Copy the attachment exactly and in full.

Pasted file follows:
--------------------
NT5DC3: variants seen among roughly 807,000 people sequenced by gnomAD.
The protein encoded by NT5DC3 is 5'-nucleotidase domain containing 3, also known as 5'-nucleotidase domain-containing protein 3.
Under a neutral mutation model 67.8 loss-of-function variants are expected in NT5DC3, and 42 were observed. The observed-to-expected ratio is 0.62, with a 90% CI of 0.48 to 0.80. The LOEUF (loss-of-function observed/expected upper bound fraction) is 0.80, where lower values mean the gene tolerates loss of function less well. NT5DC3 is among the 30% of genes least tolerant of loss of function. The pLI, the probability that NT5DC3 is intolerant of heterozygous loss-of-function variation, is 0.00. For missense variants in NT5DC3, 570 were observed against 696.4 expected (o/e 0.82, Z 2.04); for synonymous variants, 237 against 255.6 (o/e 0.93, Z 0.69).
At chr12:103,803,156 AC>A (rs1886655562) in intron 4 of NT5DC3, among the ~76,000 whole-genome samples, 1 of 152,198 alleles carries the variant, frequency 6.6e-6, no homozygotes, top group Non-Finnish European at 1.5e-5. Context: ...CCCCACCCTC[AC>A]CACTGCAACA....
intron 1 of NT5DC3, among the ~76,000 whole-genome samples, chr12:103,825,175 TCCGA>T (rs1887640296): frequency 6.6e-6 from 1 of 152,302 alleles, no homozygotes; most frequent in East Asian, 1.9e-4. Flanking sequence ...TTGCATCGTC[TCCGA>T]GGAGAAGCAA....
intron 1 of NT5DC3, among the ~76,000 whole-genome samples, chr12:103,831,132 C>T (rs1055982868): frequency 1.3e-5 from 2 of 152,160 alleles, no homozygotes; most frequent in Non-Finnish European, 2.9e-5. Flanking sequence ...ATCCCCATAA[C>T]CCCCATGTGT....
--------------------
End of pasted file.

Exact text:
NT5DC3: variants seen among roughly 807,000 people sequenced by gnomAD.
The protein encoded by NT5DC3 is 5'-nucleotidase domain containing 3, also known as 5'-nucleotidase domain-containing protein 3.
Under a neutral mutation model 67.8 loss-of-function variants are expected in NT5DC3, and 42 were observed. The observed-to-expected ratio is 0.62, with a 90% CI of 0.48 to 0.80. The LOEUF (loss-of-function observed/expected upper bound fraction) is 0.80, where lower values mean the gene tolerates loss of function less well. NT5DC3 is among the 30% of genes least tolerant of loss of function. The pLI, the probability that NT5DC3 is intolerant of heterozygous loss-of-function variation, is 0.00. For missense variants in NT5DC3, 570 were observed against 696.4 expected (o/e 0.82, Z 2.04); for synonymous variants, 237 against 255.6 (o/e 0.93, Z 0.69).
At chr12:103,803,156 AC>A (rs1886655562) in intron 4 of NT5DC3, among the ~76,000 whole-genome samples, 1 of 152,198 alleles carries the variant, frequency 6.6e-6, no homozygotes, top group Non-Finnish European at 1.5e-5. Context: ...CCCCACCCTC[AC>A]CACTGCAACA....
intron 1 of NT5DC3, among the ~76,000 whole-genome samples, chr12:103,825,175 TCCGA>T (rs1887640296): frequency 6.6e-6 from 1 of 152,302 alleles, no homozygotes; most frequent in East Asian, 1.9e-4. Flanking sequence ...TTGCATCGTC[TCCGA>T]GGAGAAGCAA....
intron 1 of NT5DC3, among the ~76,000 whole-genome samples, chr12:103,831,132 C>T (rs1055982868): frequency 1.3e-5 from 2 of 152,160 alleles, no homozygotes; most frequent in Non-Finnish European, 2.9e-5. Flanking sequence ...ATCCCCATAA[C>T]CCCCATGTGT....